This post was originally scheduled for the day of the tragic bombing in Istanbul. To observe the significance of the developing event, I delayed this post and wrote an immediate reaction on the blog instead.
When traveling, it is important, I believe, to try to capture your observations, thoughts, and memories as quickly as possible—in the moment if you can swing it. Time and effort spent journaling, or even simply making conscious mental notes, is worthwhile, even if you aren’t a dedicated travel writer or blogger. Years later, a look back at your journals is sure to bring smiles and laughter—especially when remembering the inevitable discomfort and hardship that comes with adventurous travel.
When preparing for our recent eight-day visit to Istanbul and Greece, I made sure to pack a blank notebook and I mentally committed myself to diligent note taking; capturing the colors, the people, the food, the in-between moments sure to be lost in the fog of memory if not dutifully recorded. Looking back through the notes only days later, I’m very glad I did. Had I been killing time with an iPod instead of a notebook, I wouldn’t have captured moments like the following brief collection.
Dec 23, 2015
04:27—Dublin Airport: It’s early…early. I think we were the first people at the airport, by the look of things. Wishing we could have found a flight a *little* bit later than 05:40.
It is cold as balls here in the airport—we had to walk around to stay warm, and all the other poor saps like us are huddling under coats and sweaters taken from hand luggage. We ate a small mishmash breakfast of fridge-cleaning leftovers in the shivery airport lounge. I hope it’s warmer on the plane.
Frankfurt Airport—10:46: It was warmer on the plane. We are enjoying our very first European Royale with Cheese—might as well try to have one before we head back to the States this summer. Headline on the International New York Times: “Lifting the veil on opaque art dealings.” Ok.
14:17—Somewhere over Hungary: On the bus out to the plane, I received my first “War Eagle” from an Auburn fan recognizing my hat. We were otherwise surrounded by Americans on the packed bus, including a family man from Colorado excited to hear that we’d be moving there.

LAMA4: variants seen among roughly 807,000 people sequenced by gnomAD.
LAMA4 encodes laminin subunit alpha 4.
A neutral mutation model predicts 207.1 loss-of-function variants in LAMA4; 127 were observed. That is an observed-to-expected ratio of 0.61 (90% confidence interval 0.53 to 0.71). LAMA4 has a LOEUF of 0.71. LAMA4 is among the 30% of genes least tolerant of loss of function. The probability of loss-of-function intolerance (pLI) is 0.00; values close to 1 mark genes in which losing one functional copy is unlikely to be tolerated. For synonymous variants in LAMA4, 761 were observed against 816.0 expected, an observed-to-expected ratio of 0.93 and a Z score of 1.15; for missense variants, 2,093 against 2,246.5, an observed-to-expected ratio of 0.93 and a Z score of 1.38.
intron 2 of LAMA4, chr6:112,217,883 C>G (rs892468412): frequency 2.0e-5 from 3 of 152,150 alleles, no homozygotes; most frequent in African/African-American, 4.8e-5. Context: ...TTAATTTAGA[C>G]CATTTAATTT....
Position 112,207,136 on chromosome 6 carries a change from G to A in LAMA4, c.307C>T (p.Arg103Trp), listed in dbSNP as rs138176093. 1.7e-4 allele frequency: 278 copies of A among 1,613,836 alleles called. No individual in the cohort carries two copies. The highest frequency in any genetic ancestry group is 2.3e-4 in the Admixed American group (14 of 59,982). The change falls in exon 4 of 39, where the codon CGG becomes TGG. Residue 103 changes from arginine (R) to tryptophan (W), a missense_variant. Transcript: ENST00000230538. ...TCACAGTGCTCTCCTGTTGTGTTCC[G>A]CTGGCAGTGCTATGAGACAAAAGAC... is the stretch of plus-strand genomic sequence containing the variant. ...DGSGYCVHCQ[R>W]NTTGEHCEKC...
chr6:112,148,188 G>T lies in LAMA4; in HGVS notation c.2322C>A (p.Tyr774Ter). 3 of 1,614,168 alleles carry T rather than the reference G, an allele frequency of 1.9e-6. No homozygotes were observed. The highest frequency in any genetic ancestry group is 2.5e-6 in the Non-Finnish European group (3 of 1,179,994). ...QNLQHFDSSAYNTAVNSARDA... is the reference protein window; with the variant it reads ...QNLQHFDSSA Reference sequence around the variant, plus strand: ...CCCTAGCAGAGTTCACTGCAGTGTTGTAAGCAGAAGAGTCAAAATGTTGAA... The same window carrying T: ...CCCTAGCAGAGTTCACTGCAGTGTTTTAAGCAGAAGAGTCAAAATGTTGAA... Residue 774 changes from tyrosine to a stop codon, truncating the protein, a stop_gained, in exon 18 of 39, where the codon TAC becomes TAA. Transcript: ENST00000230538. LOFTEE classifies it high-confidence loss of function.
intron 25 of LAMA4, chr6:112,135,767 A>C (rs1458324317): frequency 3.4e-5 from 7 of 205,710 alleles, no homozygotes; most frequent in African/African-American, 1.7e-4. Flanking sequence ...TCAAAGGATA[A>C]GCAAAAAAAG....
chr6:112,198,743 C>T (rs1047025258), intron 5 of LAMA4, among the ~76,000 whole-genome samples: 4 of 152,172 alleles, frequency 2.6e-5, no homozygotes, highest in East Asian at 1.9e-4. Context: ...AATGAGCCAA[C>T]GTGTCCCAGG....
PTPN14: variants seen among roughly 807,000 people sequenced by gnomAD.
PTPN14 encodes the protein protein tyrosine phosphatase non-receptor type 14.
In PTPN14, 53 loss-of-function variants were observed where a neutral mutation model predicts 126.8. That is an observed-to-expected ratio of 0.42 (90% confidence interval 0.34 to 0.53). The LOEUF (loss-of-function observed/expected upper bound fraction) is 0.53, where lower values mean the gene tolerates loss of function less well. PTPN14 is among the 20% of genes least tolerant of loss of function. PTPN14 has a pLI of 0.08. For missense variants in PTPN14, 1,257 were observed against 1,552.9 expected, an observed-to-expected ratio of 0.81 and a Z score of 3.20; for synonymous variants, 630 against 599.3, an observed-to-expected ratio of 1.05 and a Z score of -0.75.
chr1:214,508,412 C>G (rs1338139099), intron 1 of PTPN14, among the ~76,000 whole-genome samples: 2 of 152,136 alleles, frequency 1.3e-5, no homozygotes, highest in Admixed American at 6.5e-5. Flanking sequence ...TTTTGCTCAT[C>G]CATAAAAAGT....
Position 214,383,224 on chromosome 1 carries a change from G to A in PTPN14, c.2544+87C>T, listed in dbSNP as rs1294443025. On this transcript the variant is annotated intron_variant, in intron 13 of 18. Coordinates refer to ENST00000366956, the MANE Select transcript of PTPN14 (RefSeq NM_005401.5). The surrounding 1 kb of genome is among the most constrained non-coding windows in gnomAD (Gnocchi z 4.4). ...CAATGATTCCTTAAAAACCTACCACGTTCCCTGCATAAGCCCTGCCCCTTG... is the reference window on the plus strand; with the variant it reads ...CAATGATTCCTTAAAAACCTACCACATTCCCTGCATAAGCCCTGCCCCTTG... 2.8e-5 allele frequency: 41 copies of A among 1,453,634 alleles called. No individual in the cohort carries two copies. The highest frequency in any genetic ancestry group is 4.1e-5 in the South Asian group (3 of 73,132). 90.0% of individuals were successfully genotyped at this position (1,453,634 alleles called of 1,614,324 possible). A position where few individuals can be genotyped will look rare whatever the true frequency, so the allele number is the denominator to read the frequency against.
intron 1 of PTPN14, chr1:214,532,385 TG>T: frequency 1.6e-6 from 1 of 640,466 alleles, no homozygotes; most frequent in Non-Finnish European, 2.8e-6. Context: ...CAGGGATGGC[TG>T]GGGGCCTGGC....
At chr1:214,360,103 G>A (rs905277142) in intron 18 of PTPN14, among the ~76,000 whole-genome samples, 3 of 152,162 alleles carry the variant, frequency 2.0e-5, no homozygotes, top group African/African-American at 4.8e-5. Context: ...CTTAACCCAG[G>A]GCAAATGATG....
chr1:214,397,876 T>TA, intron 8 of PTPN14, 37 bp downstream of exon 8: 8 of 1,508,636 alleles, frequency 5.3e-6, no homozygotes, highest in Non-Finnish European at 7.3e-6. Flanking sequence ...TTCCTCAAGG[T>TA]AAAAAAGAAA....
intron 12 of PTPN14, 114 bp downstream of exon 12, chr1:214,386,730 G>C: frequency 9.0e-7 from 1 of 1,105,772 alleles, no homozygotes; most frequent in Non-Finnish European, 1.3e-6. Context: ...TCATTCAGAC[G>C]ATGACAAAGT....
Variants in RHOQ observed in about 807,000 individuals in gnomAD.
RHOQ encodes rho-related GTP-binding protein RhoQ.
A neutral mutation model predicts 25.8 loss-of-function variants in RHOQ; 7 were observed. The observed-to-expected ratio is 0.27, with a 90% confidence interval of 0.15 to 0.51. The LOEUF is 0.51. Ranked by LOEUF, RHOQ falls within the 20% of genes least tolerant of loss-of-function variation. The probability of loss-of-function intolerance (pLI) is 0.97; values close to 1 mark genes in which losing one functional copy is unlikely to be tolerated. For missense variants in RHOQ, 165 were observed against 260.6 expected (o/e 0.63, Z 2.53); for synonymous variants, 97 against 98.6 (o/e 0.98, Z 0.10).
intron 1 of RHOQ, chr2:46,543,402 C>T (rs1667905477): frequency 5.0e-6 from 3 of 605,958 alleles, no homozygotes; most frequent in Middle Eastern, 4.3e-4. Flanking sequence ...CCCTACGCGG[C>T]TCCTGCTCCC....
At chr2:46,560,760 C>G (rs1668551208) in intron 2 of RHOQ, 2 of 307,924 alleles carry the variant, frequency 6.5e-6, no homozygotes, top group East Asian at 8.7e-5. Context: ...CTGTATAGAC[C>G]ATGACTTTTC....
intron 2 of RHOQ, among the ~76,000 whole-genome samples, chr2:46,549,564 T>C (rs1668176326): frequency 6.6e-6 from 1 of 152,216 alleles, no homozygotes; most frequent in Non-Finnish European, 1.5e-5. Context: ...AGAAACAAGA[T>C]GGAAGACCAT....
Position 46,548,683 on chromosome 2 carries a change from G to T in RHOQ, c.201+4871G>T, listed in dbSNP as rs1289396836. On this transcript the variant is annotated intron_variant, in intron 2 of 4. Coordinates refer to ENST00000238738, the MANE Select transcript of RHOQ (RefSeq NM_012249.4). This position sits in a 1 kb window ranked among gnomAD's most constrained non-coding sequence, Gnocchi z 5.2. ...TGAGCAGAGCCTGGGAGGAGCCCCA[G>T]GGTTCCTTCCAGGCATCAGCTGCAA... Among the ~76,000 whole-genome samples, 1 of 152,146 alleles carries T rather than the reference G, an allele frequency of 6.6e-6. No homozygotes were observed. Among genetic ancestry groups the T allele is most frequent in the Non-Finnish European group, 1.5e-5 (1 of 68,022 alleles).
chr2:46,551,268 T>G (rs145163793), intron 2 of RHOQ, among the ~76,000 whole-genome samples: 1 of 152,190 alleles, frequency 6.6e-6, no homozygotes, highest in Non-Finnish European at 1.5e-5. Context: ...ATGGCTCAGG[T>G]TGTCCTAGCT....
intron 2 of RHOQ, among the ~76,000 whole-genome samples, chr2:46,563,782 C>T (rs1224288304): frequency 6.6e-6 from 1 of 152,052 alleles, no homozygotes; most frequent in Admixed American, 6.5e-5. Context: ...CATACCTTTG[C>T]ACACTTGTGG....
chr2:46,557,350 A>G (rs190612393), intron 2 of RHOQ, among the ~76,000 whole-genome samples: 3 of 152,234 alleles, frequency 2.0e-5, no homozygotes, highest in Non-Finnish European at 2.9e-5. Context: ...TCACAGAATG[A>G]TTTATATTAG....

I passed up a free beer—free beer!—on the plane as we’ll be entering a bottled-water-only zone, so I’m choosing hydration over intoxication.
22:59—Istanbul Hostel, Room 1: Cops! Guns! Riot Gear! All part of an evening walk in Istanbul. We checked in to our hostel—between the stunning Hagia Sophia and the Blue Mosque—just after dark and set out to walk across the Golden Horn to the New Town for the night. The city already feels more inviting and safer than Marrakech; maybe we did these trips in the wrong order. The streets are wider, better lit, and easier to navigate; the hawkers and hustlers on the street are much less aggressive.
We made our way—using the tram tracks as a handy guide—to the Galata Tower in the New Town and walked Istiklal Street toward Taksim Square. Istiklal was like Dublin’s Grafton Street, packed with pedestrians and lined mostly with high end shopping. A nativity scene in front of a Catholic church was somberly decorated with life vests and tattered inflatable rafts to recognize the tragic refugee crisis in Turkey and elsewhere in late 2015.
In Taksim Square, we watched as police transports and armored assault vehicles—like the one in Die Hard—cruised toward Istiklal. On our way back, we passed the police lined up and setting up some kind of roadblock or barrier; officers were equipped with automatic rifles, riot shields, and gas masks. They seemed to be smiling and laughing, so we must have missed the trouble.
Dec 24, 2015
15:18—Hotel Cafe: I keep mischaracterizing people! After a week of shooing away cons and hustlers almost constantly in Morocco, it’s difficult for me to engage in conversation with the friendly locals here in Istanbul. I’m not perfect; I’m learning.
At the mausoleums of some of Turkey’s greatest sultans in the Hagia Sophia complex, I stepped out as a local man stood at the doorway with his hands out, palms upraised. He was whispering something that I first took to be begging, and just before I rudely waved my hand and let out a harsh rejection, I realized he was praying. Thankfully, I stopped myself just in time, and respectfully stepped out of his way.
Others have helpfully given us directions—unsolicited—that we waved away. After finding our own slow way with our maps, these directions have always been correct. Another vestige of our Moroccan-learned mistrust.
20:57—Istanbul Hostel, Room 1: Trying to open my shell, I was nearly sucked in to a shoe-shine scam by a street hustler. He intentionally dropped his brush in front of me, preying on my impulse to pick it up for him and help him. When I gave it back he offered to shine my shoes in appreciation. As I tried to politely refuse—thinking that this shine wouldn’t actually be free, but not wanting to be as rude as I had been with the locals earlier—Sara stepped in with a firm “no!” She, unlike me, had read about this common scam in the book. Back into the Shell of Suspicion I go.
Dec 25, 2015
10:25—Aboard the Sahet Mustafah Aydog Du: Fire! Fire! Fire! I sat for a shave this morning, and there was significantly more fire involved than I thought there would be; beginning with an alcohol-fueled fireball disinfecting the razor and ending with the barber suddenly grabbing a cigarette lighter to burn away my ear hair. He tried to give me some shaving advice, but we had zero common language, so his sage advice will go unheeded.
I’m stepping foot on Asian soil for the first time later today, freshly shaven. Merry Christmas!